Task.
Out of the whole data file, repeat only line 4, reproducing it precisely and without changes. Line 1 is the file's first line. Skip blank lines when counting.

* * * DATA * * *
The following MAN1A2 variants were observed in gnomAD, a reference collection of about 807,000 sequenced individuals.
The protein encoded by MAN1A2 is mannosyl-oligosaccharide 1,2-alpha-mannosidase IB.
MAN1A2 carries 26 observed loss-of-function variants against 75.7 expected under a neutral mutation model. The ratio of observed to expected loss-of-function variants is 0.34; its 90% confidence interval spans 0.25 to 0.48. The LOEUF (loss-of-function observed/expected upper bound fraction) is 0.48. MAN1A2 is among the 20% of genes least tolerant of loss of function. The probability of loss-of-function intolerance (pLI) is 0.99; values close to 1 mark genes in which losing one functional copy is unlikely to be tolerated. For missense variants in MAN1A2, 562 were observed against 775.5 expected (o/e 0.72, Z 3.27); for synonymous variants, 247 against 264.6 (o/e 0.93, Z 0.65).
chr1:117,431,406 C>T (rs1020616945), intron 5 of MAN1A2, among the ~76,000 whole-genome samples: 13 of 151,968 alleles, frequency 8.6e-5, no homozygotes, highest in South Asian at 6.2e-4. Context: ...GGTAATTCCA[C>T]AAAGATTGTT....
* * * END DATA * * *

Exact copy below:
chr1:117,431,406 C>T (rs1020616945), intron 5 of MAN1A2, among the ~76,000 whole-genome samples: 13 of 151,968 alleles, frequency 8.6e-5, no homozygotes, highest in South Asian at 6.2e-4. Context: ...GGTAATTCCA[C>T]AAAGATTGTT....